Delhi and Mumbai have captured international attention with their wealth and prestige. But Chennai has spent recent years quietly building a reputation as the optimal place to do business in India, Anuj Chande explains.
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Chennai quick facts
Location: Tamil Nadu state, south-east India
Time zone: India Standard Time, GMT +05:30
Population: 7.1 million
GDP: US$34.9 billion (2017)1
Industrial strengths: Manufacturing; light and heavy engineering; textiles; automotive; agri-processing
Growth sectors: IT and technology; defence and aerospace; renewable energy
Regional access: New Delhi is 1,760 kilometres away, 2 hours 45 minutes by air. Mumbai is 1,030 kilometres away, 2 hours by air.
Over the years, Chennai has made concerted efforts to develop a pioneering industrial policy. This long-term strategic approach laid the foundations for the economic powerhouse that Chennai and the wider Tamil Nadu state have become.
“As of 2018, Tamil Nadu is ranked ahead of all other Indian states in terms of the number of factories and its skilled manpower resources – from engineering and medical professionals, to those in commerce and accounting,” explains Sridhar Ramachandran, tax partner at Grant Thornton India. “Thanks to the policies of the past, the state has very balanced cluster development – for example in textiles, heavy engineering and agri-products.”
A rich cultural history
But Chennai isn’t just an attractive place to do business: it is also incredibly welcoming, explains Sridhar. “In the past we have welcomed the Portuguese, the French and even the British,” he says. “The Chennai spirit is to absorb as much knowledge and foreign culture as possible and merge it into their own.
“Chennai is also more grounded: you might see the arrogance of wealth on display in other parts of India, but Chennai is much more humble.”
While the city’s appeal might not be immediately apparent to foreign investors, it is swift to win the respect of those who do business there. “Chennai’s inherent strengths come to the fore when you actually use the city for business – whether it is in terms of manpower, business services or finance,” says Sridhar.
Thanks to its strong industrial development, Chennai has a relatively wealthy population. As such, the state of Tamil Nadu is widely used as a testing ground by producers of fast-moving consumer goods (FMCG), including major multinationals.
This makes Chennai an ideal gateway city for international businesses keen to gain a foothold in the Indian market.
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The majority of business taxation in India is now organised at a national level, but the likes of stamp duty and some real estate charges are state-led. Sridhar says that while stamp duty levels are among India’s highest in Tamil Nadu, most property and tax-related services are now provided electronically by the local government, which greatly increases the ease of doing business.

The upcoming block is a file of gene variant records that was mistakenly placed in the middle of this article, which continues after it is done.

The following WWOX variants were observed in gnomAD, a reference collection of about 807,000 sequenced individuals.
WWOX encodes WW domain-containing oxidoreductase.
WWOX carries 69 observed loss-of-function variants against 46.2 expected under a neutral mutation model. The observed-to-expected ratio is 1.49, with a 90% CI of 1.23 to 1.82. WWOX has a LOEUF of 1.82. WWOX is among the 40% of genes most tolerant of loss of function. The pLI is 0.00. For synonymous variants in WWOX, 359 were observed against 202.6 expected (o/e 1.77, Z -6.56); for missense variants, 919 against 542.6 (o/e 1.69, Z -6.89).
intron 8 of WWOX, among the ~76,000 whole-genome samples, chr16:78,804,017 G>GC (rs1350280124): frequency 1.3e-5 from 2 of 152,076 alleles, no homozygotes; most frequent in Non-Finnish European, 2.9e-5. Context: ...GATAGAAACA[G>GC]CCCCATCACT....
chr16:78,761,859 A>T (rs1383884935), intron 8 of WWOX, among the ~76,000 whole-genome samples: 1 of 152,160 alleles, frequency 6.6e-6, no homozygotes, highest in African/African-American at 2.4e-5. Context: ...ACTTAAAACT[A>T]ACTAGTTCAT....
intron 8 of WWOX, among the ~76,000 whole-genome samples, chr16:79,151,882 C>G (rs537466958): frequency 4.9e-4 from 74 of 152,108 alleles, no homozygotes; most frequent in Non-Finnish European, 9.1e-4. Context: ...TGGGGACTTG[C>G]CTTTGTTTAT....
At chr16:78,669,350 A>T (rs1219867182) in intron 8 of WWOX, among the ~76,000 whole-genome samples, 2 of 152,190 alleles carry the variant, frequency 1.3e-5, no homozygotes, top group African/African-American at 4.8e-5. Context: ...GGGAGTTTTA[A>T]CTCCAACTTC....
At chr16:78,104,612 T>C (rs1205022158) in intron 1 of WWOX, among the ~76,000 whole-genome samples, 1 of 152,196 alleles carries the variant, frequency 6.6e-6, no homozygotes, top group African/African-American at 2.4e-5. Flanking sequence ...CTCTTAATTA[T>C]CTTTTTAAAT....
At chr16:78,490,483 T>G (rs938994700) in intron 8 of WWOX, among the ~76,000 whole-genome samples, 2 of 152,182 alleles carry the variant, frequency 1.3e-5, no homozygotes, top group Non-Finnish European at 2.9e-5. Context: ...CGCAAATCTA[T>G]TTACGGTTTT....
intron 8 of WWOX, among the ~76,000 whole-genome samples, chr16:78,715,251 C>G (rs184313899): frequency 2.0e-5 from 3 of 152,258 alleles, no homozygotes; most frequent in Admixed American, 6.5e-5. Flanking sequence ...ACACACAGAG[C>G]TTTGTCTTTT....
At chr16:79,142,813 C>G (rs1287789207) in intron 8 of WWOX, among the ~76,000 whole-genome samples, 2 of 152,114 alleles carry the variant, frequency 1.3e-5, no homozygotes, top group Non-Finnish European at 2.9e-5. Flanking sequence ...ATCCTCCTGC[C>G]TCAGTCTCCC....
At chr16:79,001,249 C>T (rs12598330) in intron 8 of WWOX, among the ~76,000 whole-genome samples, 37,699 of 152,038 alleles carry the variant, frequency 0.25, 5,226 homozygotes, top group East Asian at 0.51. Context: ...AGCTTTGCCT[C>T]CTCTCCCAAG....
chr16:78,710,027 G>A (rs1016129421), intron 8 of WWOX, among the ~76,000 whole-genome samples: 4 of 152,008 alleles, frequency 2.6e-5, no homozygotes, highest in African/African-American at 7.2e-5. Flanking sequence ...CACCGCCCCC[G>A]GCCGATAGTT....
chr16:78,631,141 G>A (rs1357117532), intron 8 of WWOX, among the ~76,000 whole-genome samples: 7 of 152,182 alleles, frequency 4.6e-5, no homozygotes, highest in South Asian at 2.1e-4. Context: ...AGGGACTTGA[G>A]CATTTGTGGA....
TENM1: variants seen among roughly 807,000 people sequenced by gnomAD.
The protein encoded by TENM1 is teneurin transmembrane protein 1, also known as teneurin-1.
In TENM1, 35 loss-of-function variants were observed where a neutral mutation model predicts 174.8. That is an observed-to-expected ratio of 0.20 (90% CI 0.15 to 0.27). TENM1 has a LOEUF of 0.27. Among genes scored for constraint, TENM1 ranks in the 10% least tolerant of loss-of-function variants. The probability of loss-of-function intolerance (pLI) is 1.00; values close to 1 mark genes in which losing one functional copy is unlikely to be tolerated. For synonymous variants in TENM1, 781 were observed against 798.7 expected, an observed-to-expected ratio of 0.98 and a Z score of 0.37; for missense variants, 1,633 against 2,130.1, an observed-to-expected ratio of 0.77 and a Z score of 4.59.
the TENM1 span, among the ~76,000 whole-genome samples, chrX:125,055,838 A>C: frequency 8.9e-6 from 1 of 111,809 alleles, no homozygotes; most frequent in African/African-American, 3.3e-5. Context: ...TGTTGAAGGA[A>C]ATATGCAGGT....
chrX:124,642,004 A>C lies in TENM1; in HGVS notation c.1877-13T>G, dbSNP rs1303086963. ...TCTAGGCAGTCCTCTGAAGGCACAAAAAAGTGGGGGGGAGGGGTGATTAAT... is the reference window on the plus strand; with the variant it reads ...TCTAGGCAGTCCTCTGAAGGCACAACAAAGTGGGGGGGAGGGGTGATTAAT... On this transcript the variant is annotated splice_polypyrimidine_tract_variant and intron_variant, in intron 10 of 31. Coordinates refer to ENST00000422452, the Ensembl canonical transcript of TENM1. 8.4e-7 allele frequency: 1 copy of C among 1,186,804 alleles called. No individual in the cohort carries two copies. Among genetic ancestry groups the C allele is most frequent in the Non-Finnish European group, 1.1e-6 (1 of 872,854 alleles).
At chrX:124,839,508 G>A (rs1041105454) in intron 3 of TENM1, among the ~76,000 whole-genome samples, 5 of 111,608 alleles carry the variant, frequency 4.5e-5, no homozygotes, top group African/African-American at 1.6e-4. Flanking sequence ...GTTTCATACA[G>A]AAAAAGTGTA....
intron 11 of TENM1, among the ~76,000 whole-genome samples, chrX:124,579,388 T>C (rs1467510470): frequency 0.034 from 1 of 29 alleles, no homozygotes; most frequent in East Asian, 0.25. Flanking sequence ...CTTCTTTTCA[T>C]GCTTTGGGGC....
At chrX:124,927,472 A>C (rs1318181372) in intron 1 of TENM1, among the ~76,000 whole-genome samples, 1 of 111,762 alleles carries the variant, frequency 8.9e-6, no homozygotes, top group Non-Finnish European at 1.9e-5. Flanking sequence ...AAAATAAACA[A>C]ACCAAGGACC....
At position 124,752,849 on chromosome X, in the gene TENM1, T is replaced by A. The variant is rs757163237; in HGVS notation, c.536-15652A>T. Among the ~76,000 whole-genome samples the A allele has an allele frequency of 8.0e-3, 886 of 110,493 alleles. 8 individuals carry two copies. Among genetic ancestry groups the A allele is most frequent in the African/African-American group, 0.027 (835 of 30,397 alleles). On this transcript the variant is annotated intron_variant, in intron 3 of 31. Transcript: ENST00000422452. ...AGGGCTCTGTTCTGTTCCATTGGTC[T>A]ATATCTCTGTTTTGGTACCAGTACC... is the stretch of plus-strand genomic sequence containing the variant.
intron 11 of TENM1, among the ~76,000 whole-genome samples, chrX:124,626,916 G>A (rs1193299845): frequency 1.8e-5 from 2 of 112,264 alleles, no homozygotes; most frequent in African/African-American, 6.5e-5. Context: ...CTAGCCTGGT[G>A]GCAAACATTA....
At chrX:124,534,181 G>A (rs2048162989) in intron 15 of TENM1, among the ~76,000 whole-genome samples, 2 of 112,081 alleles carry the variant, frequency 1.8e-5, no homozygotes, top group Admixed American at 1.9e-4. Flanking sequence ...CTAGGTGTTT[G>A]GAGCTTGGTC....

“Tamil Nadu has also created a single-window facilitation desk that foreign investors can use to get approvals on a time-bound basis for the likes of land allotment, factory clearances, electricity connections or pollution control board approvals,” he adds.
“This service has been around for more than 20 years and has evolved in a very structured manner. The state has also now started providing large investors with project managers that reach out rather than requiring them to visit the facilitation desk.”
Thanks to its well-educated workforce, Chennai has become a major outsourcing hub for international banks and insurers, and its electronics manufacturing sector has grown significantly in recent years. Chinese firms in particular have shown considerable interest in setting up facilities in the region.
The local government is also hoping to build on the strength of Tamil Nadu’s automotive industry to further develop its defence and aerospace sector, while the region is now one of the main centres for renewable energy in the country.
For businesses interested in seeing what Chennai and Tamil Nadu have to offer, explains Sridhar, “the state has a clear policy on foreign investment: for example, it offers memorandums of understanding and incentive packages, including some subsidies around training and land.”
Gateway to India
“Of course, Chennai’s position as a gateway city owes a great deal to its history,” says Sridhar. “But it is the more recent changes, in particular in terms of industrial policy, as well as cultural and economic openness, that have established its status as the most effective route to growth for businesses coming to India.”
The appetite for international business in Chennai, along with the various economic advantages, makes this the ideal gateway for companies looking to expand into India.
To find out more about establishing your business in the Chennai region or discuss your international plans, get in touch with Anuj Chande.